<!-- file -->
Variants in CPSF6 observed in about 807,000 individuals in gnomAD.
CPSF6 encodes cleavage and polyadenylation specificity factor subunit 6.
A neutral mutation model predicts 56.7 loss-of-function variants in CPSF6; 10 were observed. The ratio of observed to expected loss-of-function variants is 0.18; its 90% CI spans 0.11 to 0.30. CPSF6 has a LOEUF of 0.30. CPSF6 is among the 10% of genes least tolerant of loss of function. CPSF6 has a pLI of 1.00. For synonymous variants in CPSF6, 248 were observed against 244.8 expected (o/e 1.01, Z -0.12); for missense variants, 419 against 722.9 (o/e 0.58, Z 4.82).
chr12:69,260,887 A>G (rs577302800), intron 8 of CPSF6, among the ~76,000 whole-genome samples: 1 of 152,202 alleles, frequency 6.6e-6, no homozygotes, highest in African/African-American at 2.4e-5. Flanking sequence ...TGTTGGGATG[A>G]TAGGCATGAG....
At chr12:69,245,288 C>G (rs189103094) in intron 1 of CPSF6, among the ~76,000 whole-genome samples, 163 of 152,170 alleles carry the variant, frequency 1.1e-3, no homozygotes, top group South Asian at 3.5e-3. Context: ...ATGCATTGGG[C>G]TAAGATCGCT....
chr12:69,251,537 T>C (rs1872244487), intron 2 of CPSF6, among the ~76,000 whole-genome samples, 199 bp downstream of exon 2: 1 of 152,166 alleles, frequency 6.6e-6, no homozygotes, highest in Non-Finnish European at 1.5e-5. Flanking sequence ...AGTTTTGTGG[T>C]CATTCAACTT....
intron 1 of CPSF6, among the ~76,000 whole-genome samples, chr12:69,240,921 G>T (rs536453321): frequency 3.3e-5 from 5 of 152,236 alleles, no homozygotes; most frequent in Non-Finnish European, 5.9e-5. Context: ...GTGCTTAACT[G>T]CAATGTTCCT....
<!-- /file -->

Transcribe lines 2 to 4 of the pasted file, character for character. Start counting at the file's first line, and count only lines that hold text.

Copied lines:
CPSF6 encodes cleavage and polyadenylation specificity factor subunit 6.
A neutral mutation model predicts 56.7 loss-of-function variants in CPSF6; 10 were observed. The ratio of observed to expected loss-of-function variants is 0.18; its 90% CI spans 0.11 to 0.30. CPSF6 has a LOEUF of 0.30. CPSF6 is among the 10% of genes least tolerant of loss of function. CPSF6 has a pLI of 1.00. For synonymous variants in CPSF6, 248 were observed against 244.8 expected (o/e 1.01, Z -0.12); for missense variants, 419 against 722.9 (o/e 0.58, Z 4.82).
chr12:69,260,887 A>G (rs577302800), intron 8 of CPSF6, among the ~76,000 whole-genome samples: 1 of 152,202 alleles, frequency 6.6e-6, no homozygotes, highest in African/African-American at 2.4e-5. Flanking sequence ...TGTTGGGATG[A>G]TAGGCATGAG....